At the plush end of the market, Denon’s over-ear headphones have luxuriously soft cushioning and pivoting adjustments for comfort and folding. Weighing only 180g (including AAA battery), it hardly feels like you’re wearing them. There’s an additional processing mode on top of noise cancelling called Restorer, which aims to improve compressed audio, though it isn’t very noticeable. Built-in volume and talk-through controls are absent but the AH-NC800 functions as normal headphones if cancellation is off. When on, this works meticulously, however, its claim of 99 per cent noise reduction is stretching things a bit. Overall the headphones deliver a bold, open and expansive performance.
Reg Rating 75%
More info Denon
Digital Silence DS-321D
These in-ear headphones by Wolfson Microelectronics are decent value if your budget doesn’t reach treble figures. In terms of comfort, they are also midway between cheaper and luxury models. Instead of the usual AAA, a built-in battery is charged from a micro USB, giving about 30 hours, slightly less than a removable cell. Its advantage is the tiny, featherlight control unit but you’ll need a mains connection to recharge. Sensibly they also work normally if noise cancelling is off. Features include a monitor button and mobile phone mic. It has a emphatic sound, packing plenty of bass and crisp higher frequencies, though vocals are not as smooth as the Sennheiser or Sony.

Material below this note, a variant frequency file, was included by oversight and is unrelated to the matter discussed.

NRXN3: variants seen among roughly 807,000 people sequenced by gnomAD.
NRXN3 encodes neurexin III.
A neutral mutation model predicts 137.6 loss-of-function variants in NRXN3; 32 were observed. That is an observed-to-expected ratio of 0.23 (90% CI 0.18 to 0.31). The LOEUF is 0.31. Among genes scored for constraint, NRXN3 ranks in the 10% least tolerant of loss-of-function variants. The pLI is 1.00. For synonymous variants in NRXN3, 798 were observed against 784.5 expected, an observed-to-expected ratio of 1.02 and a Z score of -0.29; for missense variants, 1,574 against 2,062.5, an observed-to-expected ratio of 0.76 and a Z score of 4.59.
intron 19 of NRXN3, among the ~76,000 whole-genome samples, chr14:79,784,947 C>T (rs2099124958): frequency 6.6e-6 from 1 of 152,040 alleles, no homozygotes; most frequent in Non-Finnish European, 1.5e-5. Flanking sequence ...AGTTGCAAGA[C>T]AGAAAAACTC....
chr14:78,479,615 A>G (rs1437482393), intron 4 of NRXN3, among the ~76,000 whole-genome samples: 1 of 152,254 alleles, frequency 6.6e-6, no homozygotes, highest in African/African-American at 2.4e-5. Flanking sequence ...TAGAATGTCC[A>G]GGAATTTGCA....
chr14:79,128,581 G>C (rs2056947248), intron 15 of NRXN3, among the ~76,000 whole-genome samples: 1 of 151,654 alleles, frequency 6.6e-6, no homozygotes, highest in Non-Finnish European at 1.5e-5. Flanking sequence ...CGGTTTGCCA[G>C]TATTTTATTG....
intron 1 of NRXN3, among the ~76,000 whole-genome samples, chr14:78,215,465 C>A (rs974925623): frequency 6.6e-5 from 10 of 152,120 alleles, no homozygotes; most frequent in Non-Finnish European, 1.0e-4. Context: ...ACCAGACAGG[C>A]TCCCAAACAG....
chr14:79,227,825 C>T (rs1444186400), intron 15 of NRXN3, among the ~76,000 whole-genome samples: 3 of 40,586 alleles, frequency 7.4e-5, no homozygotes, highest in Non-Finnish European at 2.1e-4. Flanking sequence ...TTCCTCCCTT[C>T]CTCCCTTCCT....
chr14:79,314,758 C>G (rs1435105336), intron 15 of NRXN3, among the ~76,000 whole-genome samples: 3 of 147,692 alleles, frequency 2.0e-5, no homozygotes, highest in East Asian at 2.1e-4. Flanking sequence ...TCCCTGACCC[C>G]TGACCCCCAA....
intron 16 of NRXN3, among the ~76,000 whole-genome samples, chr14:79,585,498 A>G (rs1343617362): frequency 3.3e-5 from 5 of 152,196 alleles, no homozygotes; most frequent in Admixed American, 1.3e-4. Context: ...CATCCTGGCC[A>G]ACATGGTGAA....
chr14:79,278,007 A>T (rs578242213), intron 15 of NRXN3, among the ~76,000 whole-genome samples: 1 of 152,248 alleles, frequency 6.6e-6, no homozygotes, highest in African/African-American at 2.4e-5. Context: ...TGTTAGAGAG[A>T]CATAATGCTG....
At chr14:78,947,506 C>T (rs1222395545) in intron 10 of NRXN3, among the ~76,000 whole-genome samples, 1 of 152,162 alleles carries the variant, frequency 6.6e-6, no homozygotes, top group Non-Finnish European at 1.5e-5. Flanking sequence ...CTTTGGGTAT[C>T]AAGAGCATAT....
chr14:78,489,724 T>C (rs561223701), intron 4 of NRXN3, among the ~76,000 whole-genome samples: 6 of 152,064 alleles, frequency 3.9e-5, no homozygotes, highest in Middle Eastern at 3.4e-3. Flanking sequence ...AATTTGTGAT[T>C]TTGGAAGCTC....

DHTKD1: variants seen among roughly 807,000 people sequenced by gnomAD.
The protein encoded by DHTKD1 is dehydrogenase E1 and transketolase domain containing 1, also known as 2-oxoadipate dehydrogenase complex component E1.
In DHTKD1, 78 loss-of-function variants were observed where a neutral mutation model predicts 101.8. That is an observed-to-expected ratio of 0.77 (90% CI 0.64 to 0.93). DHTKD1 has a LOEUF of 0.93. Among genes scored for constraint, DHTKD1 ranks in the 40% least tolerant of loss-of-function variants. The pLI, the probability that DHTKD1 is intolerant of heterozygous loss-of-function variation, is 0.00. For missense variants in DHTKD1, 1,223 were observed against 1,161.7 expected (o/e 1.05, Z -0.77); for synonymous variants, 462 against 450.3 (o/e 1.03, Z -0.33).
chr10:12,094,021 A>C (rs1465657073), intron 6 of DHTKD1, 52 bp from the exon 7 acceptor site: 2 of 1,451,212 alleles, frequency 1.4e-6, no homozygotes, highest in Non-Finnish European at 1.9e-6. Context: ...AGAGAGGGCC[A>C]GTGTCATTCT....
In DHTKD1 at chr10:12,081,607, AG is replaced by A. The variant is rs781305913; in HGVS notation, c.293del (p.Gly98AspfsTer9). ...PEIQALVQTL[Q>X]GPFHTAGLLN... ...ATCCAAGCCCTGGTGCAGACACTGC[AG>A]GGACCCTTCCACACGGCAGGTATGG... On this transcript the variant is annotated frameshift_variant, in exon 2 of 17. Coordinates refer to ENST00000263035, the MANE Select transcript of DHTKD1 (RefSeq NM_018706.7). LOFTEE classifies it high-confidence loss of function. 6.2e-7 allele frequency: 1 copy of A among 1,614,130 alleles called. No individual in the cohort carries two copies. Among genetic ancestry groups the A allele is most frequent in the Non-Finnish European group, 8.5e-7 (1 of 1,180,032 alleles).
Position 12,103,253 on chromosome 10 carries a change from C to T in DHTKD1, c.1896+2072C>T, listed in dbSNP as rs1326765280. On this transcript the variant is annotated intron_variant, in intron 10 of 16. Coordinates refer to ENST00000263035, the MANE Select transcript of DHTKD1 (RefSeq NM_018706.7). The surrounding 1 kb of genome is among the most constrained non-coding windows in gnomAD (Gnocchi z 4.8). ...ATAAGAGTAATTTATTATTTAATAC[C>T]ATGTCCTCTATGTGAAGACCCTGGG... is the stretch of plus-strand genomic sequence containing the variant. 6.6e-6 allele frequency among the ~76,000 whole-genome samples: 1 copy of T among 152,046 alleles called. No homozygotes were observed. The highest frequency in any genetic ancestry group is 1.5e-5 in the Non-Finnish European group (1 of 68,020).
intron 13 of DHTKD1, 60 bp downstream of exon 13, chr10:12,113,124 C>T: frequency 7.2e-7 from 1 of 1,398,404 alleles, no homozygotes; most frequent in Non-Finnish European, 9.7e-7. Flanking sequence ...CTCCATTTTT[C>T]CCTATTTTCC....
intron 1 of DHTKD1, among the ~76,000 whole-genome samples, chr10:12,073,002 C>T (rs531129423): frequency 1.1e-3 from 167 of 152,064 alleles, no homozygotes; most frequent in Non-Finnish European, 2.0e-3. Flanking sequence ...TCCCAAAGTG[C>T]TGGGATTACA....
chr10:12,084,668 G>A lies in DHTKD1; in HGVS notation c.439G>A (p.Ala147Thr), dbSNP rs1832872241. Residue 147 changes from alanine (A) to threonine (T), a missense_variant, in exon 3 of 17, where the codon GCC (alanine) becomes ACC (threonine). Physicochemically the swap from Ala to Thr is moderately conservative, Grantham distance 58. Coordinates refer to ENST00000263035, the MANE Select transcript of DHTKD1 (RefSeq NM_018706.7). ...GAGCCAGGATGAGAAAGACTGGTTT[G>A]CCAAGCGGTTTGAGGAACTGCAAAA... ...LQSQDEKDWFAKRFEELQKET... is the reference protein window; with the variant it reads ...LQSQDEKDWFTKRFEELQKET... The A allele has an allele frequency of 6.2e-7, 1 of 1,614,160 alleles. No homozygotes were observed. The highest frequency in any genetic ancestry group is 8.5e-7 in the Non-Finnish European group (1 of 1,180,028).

Reg Rating 70%
More info Digital Silence
Next page: Panasonic RP-HC55
Errm, why spend
upwards of £150 on these, when you can get a Sony NWZ-A845 16GB walkman with the exact same functionality...
Surely the real test
Is how any of these compare on noise reduction to just a simple pair of over-ear ear defenders from B&Q for under ten quid? I use a pair of those over some fairly decent Sennheiser earbuds and it works a treat on flights, even against screaming children. They seem to survive a lot more abuse than any headphone set I've bought, too.
I've had at least 5 pairs of noise cancelling headphones in the last 5 years, including Sennheiser, Sony, Bose, Philips and Koss.
None of them ever came close to beating ear plugs + over ear std headphones. I used to do around 150k miles of air travel a year, and that combination left me much less tired after longhaul flights than anything else I tried.
Oh, and the type of ear plugs makes a difference. If you can find them, Hearos are fantastic, with an NRR of 33db+ and very comfy. They are also very useful to block those noisy hotel HVAC units so you can get a decent nights sleep....
As an aside, I find that wearing headphones in public places just bothers me, I feel less in control. It's alright while sitting down for a while, but I tend to take them off as soon as I stand up.